Murder or homicide under PC 187
Attempted homicide or murder under PC 664/187
Carjacking under PC 215
Robbery under PC 211
Rape as per PC 261
Corporal Injury to a spouse as per PC 273.5
Restrictive order violation as per PC 273.6
Stalking under PC 646.9
Mayhem as per PC 203
Assault with a deadly weapon as per PC 245
Residential burglary under PC 459
Criminal threats under PC 422
Kidnapping under PC 207
Statutory rape under PC 261.5
Nonetheless, even with these exemptions, the new reforms provided by AB 1950 will provide manifold benefits to felony and misdemeanor probationers.
Driving Under the Influence and DV Exemptions
As seen from the above information, if the sentence for a misdemeanor or felony offense has a specific probationary term under its provisions, the term overrides the new changes brought about by AB 1950. It means that when convicted of any of these offenses, even under the new law, the limitation on probation duration will not apply in your case. Instead, the court will impose the probation duration as provided in the law without regard to AB 1950 reforms.
Offenses with a specific probationary term are DUI and DV. These offenses are wobblers meaning they could be charged as felonies or misdemeanors depending on the prosecutor’s charging decision. Again, each violation contains a mandatory probationary term of three to five years. It appears that that legislators did not intend to reduce probation on people who commit such offenses because of their seriousness.
The AB 1950 language is unclear because, with each exemption, queries arise. For example, what rules apply if you receive a reduction for a crime that normally require a specified probation term. A prime example is when a DUI charge is reduced to an alcohol related reckless driving. Another example is if an assault with a deadly weapon is reduced to a charge of misdemeanor battery, PC 242. It appears that the lower probation term of AB 1950 will apply, but the evidence is inconclusive at this time. Such an issue will be straightened out as more cases arise.
Similarly, another query that arises from AB 1950 exceptions is whether the DA will only agree to a count reduction when an offender agrees to a prolonged probationary term. It is unclear whether the judge’s decisions will be directed by the DA’s interests or AB 1950’s language. Only time will tell, but until then, probationers convicted of DUI and DV offenses with specific probation periods will continue to face the same problem faced before adopting the new probation bill reforms, issues the changes were intended to end. There will be a continued increase of probation violators locked up in jail resulting in congestion in county jails and state prisons, financially straining the government.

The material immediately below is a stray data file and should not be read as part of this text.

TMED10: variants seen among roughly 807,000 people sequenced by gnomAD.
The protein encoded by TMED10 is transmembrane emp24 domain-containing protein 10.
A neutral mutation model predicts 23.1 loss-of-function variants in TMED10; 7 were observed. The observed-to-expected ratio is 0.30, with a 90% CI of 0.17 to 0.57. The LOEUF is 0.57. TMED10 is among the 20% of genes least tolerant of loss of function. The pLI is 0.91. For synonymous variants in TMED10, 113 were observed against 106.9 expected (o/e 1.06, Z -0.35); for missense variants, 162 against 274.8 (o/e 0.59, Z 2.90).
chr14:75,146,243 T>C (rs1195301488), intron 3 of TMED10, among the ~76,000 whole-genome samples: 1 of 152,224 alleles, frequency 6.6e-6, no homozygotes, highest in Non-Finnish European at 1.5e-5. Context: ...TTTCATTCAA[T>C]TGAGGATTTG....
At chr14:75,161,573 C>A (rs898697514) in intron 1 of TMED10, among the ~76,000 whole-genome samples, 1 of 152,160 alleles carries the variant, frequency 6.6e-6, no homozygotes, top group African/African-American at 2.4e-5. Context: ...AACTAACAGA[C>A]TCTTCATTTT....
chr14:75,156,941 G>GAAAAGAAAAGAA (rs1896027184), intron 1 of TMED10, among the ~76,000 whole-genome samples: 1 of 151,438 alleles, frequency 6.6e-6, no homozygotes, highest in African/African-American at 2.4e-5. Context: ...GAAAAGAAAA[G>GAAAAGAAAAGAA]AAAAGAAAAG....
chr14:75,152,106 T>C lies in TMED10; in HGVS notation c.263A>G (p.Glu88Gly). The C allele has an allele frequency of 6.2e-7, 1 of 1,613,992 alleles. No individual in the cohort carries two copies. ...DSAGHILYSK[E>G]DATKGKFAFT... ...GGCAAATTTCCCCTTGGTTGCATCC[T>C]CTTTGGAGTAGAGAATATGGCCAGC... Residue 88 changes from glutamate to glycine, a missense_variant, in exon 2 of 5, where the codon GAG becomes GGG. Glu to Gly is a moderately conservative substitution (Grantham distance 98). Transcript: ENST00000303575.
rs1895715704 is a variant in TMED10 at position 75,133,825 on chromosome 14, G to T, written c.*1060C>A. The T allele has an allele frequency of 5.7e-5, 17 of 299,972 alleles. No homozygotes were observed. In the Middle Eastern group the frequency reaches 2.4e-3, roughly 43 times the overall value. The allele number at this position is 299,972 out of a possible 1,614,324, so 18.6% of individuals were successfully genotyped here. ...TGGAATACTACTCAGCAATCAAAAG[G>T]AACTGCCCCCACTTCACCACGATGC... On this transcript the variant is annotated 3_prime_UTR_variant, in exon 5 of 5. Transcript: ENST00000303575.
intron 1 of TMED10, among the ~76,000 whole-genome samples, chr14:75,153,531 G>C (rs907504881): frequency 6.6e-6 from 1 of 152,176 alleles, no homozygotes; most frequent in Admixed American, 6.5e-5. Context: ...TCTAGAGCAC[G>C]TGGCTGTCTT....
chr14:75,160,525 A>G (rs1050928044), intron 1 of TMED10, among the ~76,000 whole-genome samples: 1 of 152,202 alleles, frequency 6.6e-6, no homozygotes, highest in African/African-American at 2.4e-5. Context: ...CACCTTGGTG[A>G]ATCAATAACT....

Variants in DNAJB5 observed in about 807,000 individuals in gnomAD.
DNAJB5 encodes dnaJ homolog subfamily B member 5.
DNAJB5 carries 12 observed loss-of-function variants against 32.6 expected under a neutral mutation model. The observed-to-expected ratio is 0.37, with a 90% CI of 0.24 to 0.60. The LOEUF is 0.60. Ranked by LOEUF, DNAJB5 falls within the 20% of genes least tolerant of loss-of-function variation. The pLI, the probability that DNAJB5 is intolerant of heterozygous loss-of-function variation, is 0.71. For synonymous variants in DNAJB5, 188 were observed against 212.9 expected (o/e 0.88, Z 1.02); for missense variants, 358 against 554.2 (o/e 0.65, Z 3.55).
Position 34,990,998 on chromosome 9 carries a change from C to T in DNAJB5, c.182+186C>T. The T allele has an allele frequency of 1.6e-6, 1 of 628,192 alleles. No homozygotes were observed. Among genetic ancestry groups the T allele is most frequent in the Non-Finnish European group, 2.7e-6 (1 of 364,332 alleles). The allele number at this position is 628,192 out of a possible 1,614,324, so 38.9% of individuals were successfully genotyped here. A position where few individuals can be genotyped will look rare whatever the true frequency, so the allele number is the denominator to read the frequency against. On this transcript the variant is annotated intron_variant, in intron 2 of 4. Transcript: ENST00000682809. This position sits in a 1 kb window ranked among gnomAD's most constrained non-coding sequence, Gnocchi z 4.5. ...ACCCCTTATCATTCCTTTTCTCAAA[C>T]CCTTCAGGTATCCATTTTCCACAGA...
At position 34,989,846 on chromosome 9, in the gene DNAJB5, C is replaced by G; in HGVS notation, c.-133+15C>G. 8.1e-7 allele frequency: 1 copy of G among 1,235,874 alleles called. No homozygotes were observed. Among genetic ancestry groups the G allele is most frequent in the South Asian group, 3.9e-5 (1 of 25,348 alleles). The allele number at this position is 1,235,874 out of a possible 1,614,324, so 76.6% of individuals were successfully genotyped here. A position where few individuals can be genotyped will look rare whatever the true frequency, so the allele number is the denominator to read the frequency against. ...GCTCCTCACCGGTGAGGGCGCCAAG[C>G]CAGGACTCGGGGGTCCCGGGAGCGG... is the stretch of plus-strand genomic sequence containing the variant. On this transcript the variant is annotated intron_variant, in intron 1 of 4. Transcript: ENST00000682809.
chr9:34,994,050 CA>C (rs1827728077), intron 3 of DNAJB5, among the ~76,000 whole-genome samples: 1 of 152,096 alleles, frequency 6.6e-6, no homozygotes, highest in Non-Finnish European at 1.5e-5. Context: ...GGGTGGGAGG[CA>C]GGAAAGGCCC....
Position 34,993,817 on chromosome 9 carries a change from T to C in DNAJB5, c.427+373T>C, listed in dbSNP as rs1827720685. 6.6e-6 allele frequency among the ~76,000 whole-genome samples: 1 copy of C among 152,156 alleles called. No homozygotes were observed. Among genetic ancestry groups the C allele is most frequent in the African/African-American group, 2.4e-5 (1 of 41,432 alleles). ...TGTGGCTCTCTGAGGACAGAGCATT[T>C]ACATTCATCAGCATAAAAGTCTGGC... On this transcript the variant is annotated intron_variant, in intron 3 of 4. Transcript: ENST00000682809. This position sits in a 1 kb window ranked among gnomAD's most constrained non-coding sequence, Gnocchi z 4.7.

Probation Termination and Expungement
AB 1950’s language was clear that beginning January 1, 2021, the one and two-year probation caps will take effect. Due to this, all misdemeanors and felonies committed on or after this date will be subject to the new probation reforms. Also, if you were committed to probation before the date the recent changes took effect, you will still be subject to the new laws. However, if your probationary term is longer, you can petition the law court to reduce the term in line with the new changes. Again, if you have served a probation period longer than what the new bill provides, you are eligible for probation termination. When you find yourself in any of these situations, you are likely to feel confused and not know the best option. However, before you go to court, you must ask yourself the following questions:
Are your charges eligible for a probation reduction? The best way to determine this is by talking to a criminal defense attorney. These legal experts will explain the exemptions that apply to the new law.
What is the probationary term that the judge has imposed in your case?
What duration have you been serving probation?
Is your probation still ongoing?
Are you within the new probation limitations, or has the term lapsed?
If your probationary term has already lapsed under the new amendments, would you like to terminate the probation or file for a record expunction?
If you prefer to clear your criminal record, are you eligible?
Ending probation and clearing your criminal record is not always easy. However, the results are beneficial, which is why you should consider them. When starting any of these processes, make sure you speak to a proficient criminal attorney to guide you in the process.